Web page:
You can just add the endings to any name. By any name I mean first name, middle name, surname, etc.
"John" is such a common English first name though, that people would assume it's someone's first name, regardless of what name ending you use.
You would have to explicitly say "no, my surname is John" which would be 名字【みょうじ】はジョンです
How do any kanji combinations get their final meaning... it's a bit rough, but 先 (saki as you put it) means "preceding" or "future" and 生 (nama) means "life", so 先生 can be interpreted to mean "one who has lived ahead of you", presumably meaning they know more than you and can therefore teach it to you.
But if you mean, why isn't 先生 read sakinama, aside from explaining the existence of on'yomi and kun'yomi (each kanji can have multiple readings which come from borrowed Chinese or native Japanese pronunciation), the answer is pretty much "because reasons" f(^_^; There is a general rule, that combinations of just kanji usually use on'yomi while kanji on their own or with hiragana uses kun'yomi, but there are also plenty of exceptions.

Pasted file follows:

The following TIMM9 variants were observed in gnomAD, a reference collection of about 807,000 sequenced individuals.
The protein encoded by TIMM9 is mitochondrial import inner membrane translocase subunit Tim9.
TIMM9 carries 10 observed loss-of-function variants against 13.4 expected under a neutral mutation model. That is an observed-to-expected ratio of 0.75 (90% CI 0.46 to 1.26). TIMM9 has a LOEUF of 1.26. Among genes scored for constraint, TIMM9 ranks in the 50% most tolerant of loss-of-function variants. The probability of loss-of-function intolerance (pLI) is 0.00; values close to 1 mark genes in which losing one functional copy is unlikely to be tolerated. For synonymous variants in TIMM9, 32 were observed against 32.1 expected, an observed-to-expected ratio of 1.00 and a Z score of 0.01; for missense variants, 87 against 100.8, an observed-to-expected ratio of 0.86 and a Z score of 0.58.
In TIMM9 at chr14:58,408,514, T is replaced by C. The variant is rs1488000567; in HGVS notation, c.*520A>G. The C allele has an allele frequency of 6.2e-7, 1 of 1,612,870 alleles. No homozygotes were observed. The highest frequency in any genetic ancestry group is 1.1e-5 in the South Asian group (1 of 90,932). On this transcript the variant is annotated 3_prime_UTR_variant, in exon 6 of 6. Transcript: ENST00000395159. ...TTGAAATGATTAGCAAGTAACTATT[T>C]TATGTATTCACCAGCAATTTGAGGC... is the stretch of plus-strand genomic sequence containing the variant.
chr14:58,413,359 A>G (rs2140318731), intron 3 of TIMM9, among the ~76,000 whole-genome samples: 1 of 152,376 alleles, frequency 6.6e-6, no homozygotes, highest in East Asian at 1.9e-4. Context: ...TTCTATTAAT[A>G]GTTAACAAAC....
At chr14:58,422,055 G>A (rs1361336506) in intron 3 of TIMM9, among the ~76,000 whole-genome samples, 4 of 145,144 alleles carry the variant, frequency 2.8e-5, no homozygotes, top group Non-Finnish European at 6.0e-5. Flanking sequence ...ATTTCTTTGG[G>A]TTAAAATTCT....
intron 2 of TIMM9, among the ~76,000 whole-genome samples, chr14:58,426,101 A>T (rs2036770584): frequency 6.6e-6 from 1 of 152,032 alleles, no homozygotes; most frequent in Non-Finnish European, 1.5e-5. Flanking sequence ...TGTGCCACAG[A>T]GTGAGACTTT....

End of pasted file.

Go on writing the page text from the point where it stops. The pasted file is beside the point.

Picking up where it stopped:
And sometimes kanji relates to or adds to the meaning of a word and sometimes it is unrelated. An example is the kanji for musuko (son) is made up of jibun (own or my own) and kokoro (heart), so it's not really directly related to the meaning but as a mother of 3 sons I think it's kinda sweet - and a nice way to remember the kanji too!
Yeah, definitely something weird going on there. I hope you hit the REPORT button in the bottom right because the course developers don't necessarily read these comments.
For some strange reason, it seems to have underlined the "eac" in "teacher" as the part that you got wrong though... maybe you inserted a zero-width space in there by accident?
You are correct, and it's not a mistake - "ha" is read "wa" in this case (watashi wa..., Jon wa...,). Japanese is for the most part read like its written but there are ocassionally small differences like this one. Also written "he" is to be read "e" when it stands alone. You'll get used to it real fast no worries : )